If you google “Michael Frye focus stacking” you can read his article, which is good and straight forward. He recommends using Helicon on the default settings for Method B. I’ve followed his advice with good results.
That’s the same kind of results I get with photoshop. It’s also really hard to fix a blend like that too with the complicated masks it makes.
@Lon_Overacker - I think helicon is pretty simple to use. It gives you three methods to choose from. You select your files, pick one of the methods, and hit run. For simple stuff like landscapes, usually this is all you need to do. If you want, you can zoom in and fix mistakes it made with its tools. They have a really nice article here to show you how the three methods work: https://www.heliconsoft.com/helicon-focus-main-parameters/
That’s been my only exposure to it, and second hand. A friend has been testing betas and over-the-counter versions of many programs for many years, and for his needs the latest Helicon is tops. He showed me amazing macro shots of insects and flies, then demo’ed Helicon for photographing a Pteronarcys stonefly. He took 37 shots (focusing rail) and stacked them. Wow…
I had been considering Helicon and a rail for the project I am working on now, but amazing as his demo was, it proved I didn’t need either rail or program. But the capabilities are gnawing at the back of my brain!
Thanks @Tony_Siciliano! I’ll definitely check it out.
Thanks @Brent_Clark. I took a bit to become familiar with the basics, but not too bad.
Since 2009 I have been taking workshops with a pioneer of focus stacking. The technology and workflow has widened over the years.
- Nikon recently released the mirrorless Z7 which expanded their automated focus stacking technology.
It is common now to make a still life scene with multiple 16-bit 45-Megpixel images at f4 (for bokeh) and then f8 (depth of field) of 300 image stacks in RAW then convert to TIFF then compile with Helicon Focus then use the 2 complied images to blend/create your final image in CC19.
This requires a high end GPU and CPU processing power. Helicon Focus 7.0 takes advantage of scaling to 10 CPU cores.
Also, this focus stacking software can be used for your macro or astro photography
In 2016, after evaluating all the software available in the market, I purchased the Helicon full pro version for $140 during a Black Friday Thanksgiving sale. ( you may have a similar disdain for subscription sw)
Does Helicon Focus work better that CC 2019 ?
For small stacks no. It’s not worth the extra workflow steps.
However for complex stack >5 images, consider Helicon Focus.
Future proof your image making and learn new skills. I have found this software intuitive and adaptable to various type of photography. The manufacture is also active at issuing new releases.
The image below, ‘Yuletide Chalice’, is a composite of 2 stacks of 31 images made with the Nikon Z7, compiled with Helicon Focus then created in Photoshop 2019.
In the past, you would have to spend more time and effort on the technology of creating the image stack and compiling. Today, with the auto focus-stacking capable cameras and Helicon focus doing the technology heavy lifting, your energy can be channeled into the creative process.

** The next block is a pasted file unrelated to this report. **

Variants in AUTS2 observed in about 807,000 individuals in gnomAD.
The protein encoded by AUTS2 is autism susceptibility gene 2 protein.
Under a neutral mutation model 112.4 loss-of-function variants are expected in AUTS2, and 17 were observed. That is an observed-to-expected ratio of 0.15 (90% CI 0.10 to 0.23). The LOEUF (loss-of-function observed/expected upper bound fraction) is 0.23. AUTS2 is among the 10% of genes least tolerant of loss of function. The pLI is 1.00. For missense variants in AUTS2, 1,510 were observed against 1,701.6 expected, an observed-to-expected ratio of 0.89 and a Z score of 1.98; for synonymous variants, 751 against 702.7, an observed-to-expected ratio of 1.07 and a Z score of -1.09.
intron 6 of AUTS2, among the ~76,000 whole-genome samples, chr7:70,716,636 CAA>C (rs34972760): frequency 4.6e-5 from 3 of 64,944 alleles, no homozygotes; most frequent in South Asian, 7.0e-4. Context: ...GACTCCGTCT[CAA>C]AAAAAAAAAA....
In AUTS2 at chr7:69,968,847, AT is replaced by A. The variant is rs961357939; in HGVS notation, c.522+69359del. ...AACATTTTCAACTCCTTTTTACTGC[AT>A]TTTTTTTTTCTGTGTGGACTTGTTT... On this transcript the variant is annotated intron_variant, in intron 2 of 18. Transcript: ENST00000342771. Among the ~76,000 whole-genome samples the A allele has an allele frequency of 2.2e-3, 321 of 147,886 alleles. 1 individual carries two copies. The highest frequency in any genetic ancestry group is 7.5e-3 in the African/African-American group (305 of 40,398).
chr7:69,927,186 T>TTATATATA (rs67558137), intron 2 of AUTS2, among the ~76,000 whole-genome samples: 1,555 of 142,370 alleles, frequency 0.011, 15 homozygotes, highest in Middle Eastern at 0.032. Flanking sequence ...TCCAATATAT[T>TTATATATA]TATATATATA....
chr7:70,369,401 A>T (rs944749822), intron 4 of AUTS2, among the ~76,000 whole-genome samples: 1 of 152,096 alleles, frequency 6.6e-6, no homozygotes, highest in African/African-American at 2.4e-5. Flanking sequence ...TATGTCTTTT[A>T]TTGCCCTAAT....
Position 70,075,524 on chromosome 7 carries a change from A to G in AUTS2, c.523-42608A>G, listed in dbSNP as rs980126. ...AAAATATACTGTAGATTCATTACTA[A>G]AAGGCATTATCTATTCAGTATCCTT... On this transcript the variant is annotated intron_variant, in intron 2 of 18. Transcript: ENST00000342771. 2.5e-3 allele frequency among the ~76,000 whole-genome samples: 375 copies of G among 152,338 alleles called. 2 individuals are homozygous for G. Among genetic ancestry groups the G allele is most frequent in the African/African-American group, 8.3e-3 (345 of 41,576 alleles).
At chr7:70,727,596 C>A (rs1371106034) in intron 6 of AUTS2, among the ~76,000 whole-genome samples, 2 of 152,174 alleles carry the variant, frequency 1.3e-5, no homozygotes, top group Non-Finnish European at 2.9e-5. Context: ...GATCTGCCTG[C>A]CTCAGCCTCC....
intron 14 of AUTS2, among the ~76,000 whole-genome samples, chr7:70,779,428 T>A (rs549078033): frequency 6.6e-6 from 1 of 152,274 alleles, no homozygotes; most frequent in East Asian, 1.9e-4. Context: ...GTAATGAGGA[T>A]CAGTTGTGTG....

Happy Holidays !
@Ed_Fritz, thanks for chiming in. That is one gorgeous image and it’s pretty obvious to me the value in the technology for this type of photography.
However, I personally have zero interest in in this type of photography having to combine so many images(regardless how automated.) I most certainly wouldn’t rule out (and never say never) using these new techniques, but for now I don’t do any photography other than outdoor/nature. Funny though, now with this software, perhaps I can bring my interests to the garden or indoors… hmmmm
So for @Harley_Goldman question, I went ahead and bought the sw. Holiday sale right now at $160. I’ve processed about a half dozen and can already see the benefits. The biggest one: Stacking in PS - it is what it is, you get what you get. With Helicon you have options; you can render with different methods and then tweak settings within each. Find what works best for the particular image you’re rendering. I’m sold.
Thanks all for your comments and discussion.
Just an FYI, one of the NPN member discounts is now: Helicon Focus - 20% off
I’ve been playing with helicon a lot the past couple weeks and am very impressed, especially with the dng workflow, it’s way cool to end up with a raw file.
I also spent a lot of time with Zerene a couple of years back and it did the best job on some moving wildflowers, but I think I like the way Helicon works better now, so I’ll be making the switch and using the discount myself.
I use Zerene Stacker at home and Helicon at work. I prefer the layout and organization of the screen of Helicon. Zerene is the easier of the two programs to master. …Jim
David, thanks for the tip on the DNG file, I’ve owned Helicon for 2 years now, and never knew that you could export raws and return a DNG file. For some reason when I set up Helicon, I had it return TIFF files, but returning a DNG has a lot of benefits.
Otherwise I’ve used Helicon for both landscape and macro focus stacking, and am very happy with it. Helicon often does a better job than using Photoshop, and it has a much faster workflow too.